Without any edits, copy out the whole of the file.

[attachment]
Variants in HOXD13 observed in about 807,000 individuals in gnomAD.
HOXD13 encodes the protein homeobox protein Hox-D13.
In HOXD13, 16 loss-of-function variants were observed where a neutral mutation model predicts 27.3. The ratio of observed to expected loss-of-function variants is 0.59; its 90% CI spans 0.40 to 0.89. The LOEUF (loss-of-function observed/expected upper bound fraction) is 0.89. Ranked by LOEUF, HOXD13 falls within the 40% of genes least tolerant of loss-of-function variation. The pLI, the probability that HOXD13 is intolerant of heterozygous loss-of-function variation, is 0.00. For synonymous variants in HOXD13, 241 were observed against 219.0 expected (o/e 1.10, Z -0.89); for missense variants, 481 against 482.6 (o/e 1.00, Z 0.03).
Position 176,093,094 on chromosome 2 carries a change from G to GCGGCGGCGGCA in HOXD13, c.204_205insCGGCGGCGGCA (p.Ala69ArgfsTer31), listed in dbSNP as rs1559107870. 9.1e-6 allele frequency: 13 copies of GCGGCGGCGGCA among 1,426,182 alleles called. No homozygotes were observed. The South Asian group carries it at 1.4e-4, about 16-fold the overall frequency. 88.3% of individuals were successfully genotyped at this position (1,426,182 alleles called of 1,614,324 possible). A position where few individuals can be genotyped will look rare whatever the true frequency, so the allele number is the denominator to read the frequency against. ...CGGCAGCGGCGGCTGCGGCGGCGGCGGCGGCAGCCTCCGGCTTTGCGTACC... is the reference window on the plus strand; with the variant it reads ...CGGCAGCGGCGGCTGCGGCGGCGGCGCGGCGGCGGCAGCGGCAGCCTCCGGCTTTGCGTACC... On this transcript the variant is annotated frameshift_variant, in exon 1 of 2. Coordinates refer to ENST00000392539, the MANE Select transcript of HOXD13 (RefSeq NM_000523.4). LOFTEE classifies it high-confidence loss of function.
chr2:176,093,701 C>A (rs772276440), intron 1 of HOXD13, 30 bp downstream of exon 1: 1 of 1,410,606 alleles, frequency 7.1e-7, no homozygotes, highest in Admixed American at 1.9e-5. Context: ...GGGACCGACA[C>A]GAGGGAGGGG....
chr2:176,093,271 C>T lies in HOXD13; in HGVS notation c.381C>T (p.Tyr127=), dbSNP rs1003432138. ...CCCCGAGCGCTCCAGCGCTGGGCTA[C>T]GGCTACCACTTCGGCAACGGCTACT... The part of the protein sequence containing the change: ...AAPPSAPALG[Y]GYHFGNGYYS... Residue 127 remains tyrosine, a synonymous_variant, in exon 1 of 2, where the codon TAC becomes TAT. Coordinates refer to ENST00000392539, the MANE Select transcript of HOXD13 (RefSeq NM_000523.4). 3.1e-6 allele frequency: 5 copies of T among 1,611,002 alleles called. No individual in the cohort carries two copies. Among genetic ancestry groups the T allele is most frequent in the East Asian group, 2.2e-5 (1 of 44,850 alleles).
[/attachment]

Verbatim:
Variants in HOXD13 observed in about 807,000 individuals in gnomAD.
HOXD13 encodes the protein homeobox protein Hox-D13.
In HOXD13, 16 loss-of-function variants were observed where a neutral mutation model predicts 27.3. The ratio of observed to expected loss-of-function variants is 0.59; its 90% CI spans 0.40 to 0.89. The LOEUF (loss-of-function observed/expected upper bound fraction) is 0.89. Ranked by LOEUF, HOXD13 falls within the 40% of genes least tolerant of loss-of-function variation. The pLI, the probability that HOXD13 is intolerant of heterozygous loss-of-function variation, is 0.00. For synonymous variants in HOXD13, 241 were observed against 219.0 expected (o/e 1.10, Z -0.89); for missense variants, 481 against 482.6 (o/e 1.00, Z 0.03).
Position 176,093,094 on chromosome 2 carries a change from G to GCGGCGGCGGCA in HOXD13, c.204_205insCGGCGGCGGCA (p.Ala69ArgfsTer31), listed in dbSNP as rs1559107870. 9.1e-6 allele frequency: 13 copies of GCGGCGGCGGCA among 1,426,182 alleles called. No homozygotes were observed. The South Asian group carries it at 1.4e-4, about 16-fold the overall frequency. 88.3% of individuals were successfully genotyped at this position (1,426,182 alleles called of 1,614,324 possible). A position where few individuals can be genotyped will look rare whatever the true frequency, so the allele number is the denominator to read the frequency against. ...CGGCAGCGGCGGCTGCGGCGGCGGCGGCGGCAGCCTCCGGCTTTGCGTACC... is the reference window on the plus strand; with the variant it reads ...CGGCAGCGGCGGCTGCGGCGGCGGCGCGGCGGCGGCAGCGGCAGCCTCCGGCTTTGCGTACC... On this transcript the variant is annotated frameshift_variant, in exon 1 of 2. Coordinates refer to ENST00000392539, the MANE Select transcript of HOXD13 (RefSeq NM_000523.4). LOFTEE classifies it high-confidence loss of function.
chr2:176,093,701 C>A (rs772276440), intron 1 of HOXD13, 30 bp downstream of exon 1: 1 of 1,410,606 alleles, frequency 7.1e-7, no homozygotes, highest in Admixed American at 1.9e-5. Context: ...GGGACCGACA[C>A]GAGGGAGGGG....
chr2:176,093,271 C>T lies in HOXD13; in HGVS notation c.381C>T (p.Tyr127=), dbSNP rs1003432138. ...CCCCGAGCGCTCCAGCGCTGGGCTA[C>T]GGCTACCACTTCGGCAACGGCTACT... The part of the protein sequence containing the change: ...AAPPSAPALG[Y]GYHFGNGYYS... Residue 127 remains tyrosine, a synonymous_variant, in exon 1 of 2, where the codon TAC becomes TAT. Coordinates refer to ENST00000392539, the MANE Select transcript of HOXD13 (RefSeq NM_000523.4). 3.1e-6 allele frequency: 5 copies of T among 1,611,002 alleles called. No individual in the cohort carries two copies. Among genetic ancestry groups the T allele is most frequent in the East Asian group, 2.2e-5 (1 of 44,850 alleles).